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From global to local - the world map of light pollution

From global to local - the world map of light pollution

Despite the cold the longer nights lead many people’s eyes to be drawn upwards as those clear skies dominate our daily lives more. And what you see when you look up, very much depends on levels of light pollution in your area.

We’ve definitely made some progress this year in England with Bodmin Moor awarded dark sky landscape status back in July, and we were thrilled to hear that CPRE’s light pollution maps had helped with that.

Now researchers have just published a map of light pollution around the globe in the Science Advances journal. Sadly, the new data shows that between 2012-16, Earth’s artificially lit outdoor area grew by 2.2% per year although large differences in national growth rates were observed, with lighting remaining stable or decreasing in only a few countries.

CPRE has long campaigned to reduce light pollution: darkness at night is one of the key characteristics of rural areas and it represents a major difference between what is urban and what is rural. As light doesn’t respect boundaries; it can spread for miles from the source and blurs the distinction between town and country. New technologies, such as centrally controlled dimming schemes, can help ensure that the right lighting is used only where and when it is needed, in turn reducing the amount of light spilling up into the night sky.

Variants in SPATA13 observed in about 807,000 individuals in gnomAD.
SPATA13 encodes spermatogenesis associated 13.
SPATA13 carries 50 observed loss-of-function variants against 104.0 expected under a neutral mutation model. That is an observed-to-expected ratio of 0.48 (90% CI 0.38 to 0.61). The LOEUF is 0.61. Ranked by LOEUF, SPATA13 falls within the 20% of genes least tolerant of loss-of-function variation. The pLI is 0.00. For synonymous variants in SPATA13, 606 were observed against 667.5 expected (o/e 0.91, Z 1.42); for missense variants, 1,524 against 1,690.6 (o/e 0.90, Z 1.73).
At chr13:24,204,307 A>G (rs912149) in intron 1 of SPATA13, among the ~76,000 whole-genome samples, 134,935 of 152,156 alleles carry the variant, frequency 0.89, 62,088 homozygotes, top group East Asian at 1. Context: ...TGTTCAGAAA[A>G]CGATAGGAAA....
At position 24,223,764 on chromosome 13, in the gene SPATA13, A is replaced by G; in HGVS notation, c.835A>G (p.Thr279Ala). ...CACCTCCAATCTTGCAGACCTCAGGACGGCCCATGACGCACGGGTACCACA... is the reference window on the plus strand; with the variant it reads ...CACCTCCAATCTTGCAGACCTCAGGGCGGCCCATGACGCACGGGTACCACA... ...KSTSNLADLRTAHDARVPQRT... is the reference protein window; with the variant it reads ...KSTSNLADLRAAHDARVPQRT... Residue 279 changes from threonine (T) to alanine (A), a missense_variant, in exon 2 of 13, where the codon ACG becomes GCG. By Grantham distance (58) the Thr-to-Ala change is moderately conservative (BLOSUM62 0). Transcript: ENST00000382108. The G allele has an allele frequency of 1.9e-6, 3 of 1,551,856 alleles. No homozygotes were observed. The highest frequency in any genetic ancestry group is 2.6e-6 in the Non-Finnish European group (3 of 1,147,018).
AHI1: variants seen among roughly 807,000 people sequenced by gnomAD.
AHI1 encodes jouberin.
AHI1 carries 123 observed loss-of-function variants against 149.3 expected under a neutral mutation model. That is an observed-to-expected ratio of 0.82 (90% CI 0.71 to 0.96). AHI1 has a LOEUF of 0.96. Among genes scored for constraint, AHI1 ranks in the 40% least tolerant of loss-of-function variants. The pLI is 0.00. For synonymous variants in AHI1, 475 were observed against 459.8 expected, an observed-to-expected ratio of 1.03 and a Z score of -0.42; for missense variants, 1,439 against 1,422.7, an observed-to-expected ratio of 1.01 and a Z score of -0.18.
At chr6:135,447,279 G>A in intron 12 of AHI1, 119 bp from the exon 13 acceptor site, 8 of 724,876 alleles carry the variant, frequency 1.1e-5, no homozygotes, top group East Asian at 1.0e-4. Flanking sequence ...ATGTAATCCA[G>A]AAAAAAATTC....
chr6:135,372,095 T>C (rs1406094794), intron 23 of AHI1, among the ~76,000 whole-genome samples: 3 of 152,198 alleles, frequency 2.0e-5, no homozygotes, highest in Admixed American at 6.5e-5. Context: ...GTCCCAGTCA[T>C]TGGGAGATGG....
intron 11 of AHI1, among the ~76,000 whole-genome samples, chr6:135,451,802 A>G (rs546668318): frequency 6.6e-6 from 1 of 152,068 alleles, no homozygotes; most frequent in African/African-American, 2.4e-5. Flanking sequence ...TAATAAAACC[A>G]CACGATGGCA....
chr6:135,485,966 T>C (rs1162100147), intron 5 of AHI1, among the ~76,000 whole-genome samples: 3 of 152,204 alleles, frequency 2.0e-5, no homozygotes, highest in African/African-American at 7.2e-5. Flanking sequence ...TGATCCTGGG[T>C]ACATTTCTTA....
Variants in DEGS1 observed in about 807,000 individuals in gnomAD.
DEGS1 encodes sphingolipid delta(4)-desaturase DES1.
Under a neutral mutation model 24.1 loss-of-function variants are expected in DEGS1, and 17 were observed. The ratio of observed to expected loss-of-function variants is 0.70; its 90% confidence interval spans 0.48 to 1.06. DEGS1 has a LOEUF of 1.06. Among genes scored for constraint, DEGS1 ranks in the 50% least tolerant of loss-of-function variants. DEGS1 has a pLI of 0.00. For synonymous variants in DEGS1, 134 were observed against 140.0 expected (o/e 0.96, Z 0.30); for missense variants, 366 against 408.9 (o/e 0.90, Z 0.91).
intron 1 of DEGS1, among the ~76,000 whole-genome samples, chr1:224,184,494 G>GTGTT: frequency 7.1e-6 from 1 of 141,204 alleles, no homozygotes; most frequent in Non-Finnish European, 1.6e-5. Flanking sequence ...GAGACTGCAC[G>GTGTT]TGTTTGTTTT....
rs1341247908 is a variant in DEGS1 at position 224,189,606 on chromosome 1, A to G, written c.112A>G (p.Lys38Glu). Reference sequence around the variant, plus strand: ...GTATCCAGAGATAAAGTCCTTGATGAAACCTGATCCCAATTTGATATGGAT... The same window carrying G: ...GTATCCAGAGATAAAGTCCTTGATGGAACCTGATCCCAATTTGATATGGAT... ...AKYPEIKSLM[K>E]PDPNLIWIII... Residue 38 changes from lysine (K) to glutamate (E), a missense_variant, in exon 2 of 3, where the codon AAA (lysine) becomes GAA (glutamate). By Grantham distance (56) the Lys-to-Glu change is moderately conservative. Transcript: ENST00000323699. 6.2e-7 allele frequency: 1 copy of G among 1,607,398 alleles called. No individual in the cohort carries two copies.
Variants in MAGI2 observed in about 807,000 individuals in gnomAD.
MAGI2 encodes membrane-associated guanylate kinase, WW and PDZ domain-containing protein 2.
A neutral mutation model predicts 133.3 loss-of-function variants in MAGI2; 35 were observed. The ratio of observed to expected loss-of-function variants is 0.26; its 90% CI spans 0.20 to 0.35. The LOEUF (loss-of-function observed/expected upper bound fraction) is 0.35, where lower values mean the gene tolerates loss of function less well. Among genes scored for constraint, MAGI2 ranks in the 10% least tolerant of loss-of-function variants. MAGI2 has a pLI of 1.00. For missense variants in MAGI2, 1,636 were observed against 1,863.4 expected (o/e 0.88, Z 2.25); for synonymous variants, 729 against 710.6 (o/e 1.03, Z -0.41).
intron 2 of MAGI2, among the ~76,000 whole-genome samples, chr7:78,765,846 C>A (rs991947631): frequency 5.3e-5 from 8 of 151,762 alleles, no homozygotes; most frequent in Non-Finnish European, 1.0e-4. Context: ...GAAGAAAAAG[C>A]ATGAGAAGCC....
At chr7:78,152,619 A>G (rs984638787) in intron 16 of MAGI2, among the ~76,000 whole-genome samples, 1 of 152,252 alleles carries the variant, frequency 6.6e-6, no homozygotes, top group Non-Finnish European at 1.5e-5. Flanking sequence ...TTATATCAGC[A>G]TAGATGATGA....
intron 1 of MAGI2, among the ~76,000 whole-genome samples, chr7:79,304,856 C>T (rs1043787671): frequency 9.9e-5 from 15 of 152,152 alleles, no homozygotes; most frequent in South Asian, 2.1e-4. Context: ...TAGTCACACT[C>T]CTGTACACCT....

I’m pleased that this issue is being taken seriously globally though and the new mapping helps focus people on it as a worldwide problem. It chimes with the research published by CPRE last year, with our Night Blight maps of Britain’s night skies revealing that only 22% of England had pristine skies, free from any light pollution, compared with almost 57% of Wales and 77% of Scotland. We also found that the amount of the most severe light pollution is five times higher in England than in Scotland and six times higher than in Wales.

 Action can be taken to curb the spread of artificial light. Many councils are reviewing their street lighting and it is important that they engage with the local community to decide what works best in that area. We also encourage councils to have strong planning policies which ensure that existing dark skies are protected and new developments don’t cause light pollution. You can also work to tackle light pollution through neighbourhood plans and also by making sure that lighting on their property is not adding to the problem.

So do look out for opportunities to help reduce light pollution where you are – and to find the best places to view our dark skies, take a look at our maps and find out where the best viewing is near you.

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23 November 2017

Darkness at night is one of the key characteristics of rural areas and it represents a major difference between what is urban and what is rural




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